Research has shown that art can also help our anxiety and decrease our worry. “Art literally rewires our brains and can reduce stress. It allows us to feel better about ourselves and about our behaviors,” Nobel says.

Art gives us opportunities to notice what’s happening within us and in the world around us. It helps us express our love, anger, joy, sorrow, hope, and grief. Art broadens our imaginations and gives us opportunities to contemplate what might be possible. And it provides moments of rest in this world that’s full of so much damage and strife. 

One benefit of the pandemic has been broader access to the arts via online venues. Yesterday morning I watched the New York City Ballet’s new piece When We Fell, a filmed performance co-directed by choreographer Kyle Abraham and cinematographer Ryan Marie Helfant. Seeing dancers move through the gray space--literal and figurative--made me feel more comfortable in my own current gray space. Their graceful and curious movements invited me to explore my own physicality. What space am I occupying right now? How do I feel connected to myself and my body right now?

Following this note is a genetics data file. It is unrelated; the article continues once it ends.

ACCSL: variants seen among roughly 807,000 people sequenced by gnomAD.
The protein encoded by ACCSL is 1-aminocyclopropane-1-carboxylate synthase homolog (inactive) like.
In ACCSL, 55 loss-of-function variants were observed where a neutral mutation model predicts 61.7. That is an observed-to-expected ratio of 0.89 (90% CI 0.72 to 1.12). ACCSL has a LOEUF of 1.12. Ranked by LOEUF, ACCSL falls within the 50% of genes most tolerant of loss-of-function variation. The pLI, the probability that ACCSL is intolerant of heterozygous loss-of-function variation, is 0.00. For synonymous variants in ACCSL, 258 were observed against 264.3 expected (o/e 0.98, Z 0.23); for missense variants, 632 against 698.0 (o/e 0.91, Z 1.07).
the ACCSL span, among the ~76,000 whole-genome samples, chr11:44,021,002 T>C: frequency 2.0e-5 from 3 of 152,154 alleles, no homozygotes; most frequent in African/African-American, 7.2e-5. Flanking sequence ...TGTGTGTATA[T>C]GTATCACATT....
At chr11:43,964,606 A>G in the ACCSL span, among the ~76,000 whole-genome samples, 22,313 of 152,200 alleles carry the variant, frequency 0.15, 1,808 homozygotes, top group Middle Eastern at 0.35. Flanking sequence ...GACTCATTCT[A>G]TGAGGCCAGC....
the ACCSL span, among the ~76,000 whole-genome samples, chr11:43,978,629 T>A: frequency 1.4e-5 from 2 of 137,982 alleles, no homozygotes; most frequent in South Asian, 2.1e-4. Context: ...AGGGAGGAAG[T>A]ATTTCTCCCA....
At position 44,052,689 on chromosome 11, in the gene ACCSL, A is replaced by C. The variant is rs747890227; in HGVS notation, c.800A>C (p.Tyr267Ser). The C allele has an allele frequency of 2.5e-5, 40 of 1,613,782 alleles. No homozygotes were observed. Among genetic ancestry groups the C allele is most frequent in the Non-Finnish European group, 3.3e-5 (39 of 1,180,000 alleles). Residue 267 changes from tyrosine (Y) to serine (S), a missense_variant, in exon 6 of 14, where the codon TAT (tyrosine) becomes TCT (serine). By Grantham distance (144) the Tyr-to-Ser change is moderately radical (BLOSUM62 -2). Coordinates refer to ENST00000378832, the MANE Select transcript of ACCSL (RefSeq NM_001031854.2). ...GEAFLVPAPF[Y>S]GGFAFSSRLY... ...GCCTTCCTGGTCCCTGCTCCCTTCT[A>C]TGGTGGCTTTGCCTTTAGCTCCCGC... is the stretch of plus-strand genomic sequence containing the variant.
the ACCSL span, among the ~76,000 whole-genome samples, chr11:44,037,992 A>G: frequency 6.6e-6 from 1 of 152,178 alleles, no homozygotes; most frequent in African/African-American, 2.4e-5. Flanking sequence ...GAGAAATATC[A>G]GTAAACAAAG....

Before the pandemic, I would have never been able to see a new NYCB production without traveling to New York City from my home in Birmingham, Alabama. Even those who live nearby and hold season tickets now have access to a different perspective. The cinematography provides new ways of seeing, and the accompanying documentary film gives us a sense of what the dancers and choreographer experienced leading up to the performance.

At the beginning of the documentary, Abraham spoke about how he was sensitive to his surroundings as he began to work on When We Fell. He describes how he wanted to let their specific location, the time of year, the weather inform his new piece. He says, “I think a lot of that winds up playing a part in the aesthetic choices that we’re making in this space.” He also spoke a bit about the ways dance reveals and gives expression to what’s inside us, reminding me of the ideas above about how art creates connections between people and helps them deepen their belongings.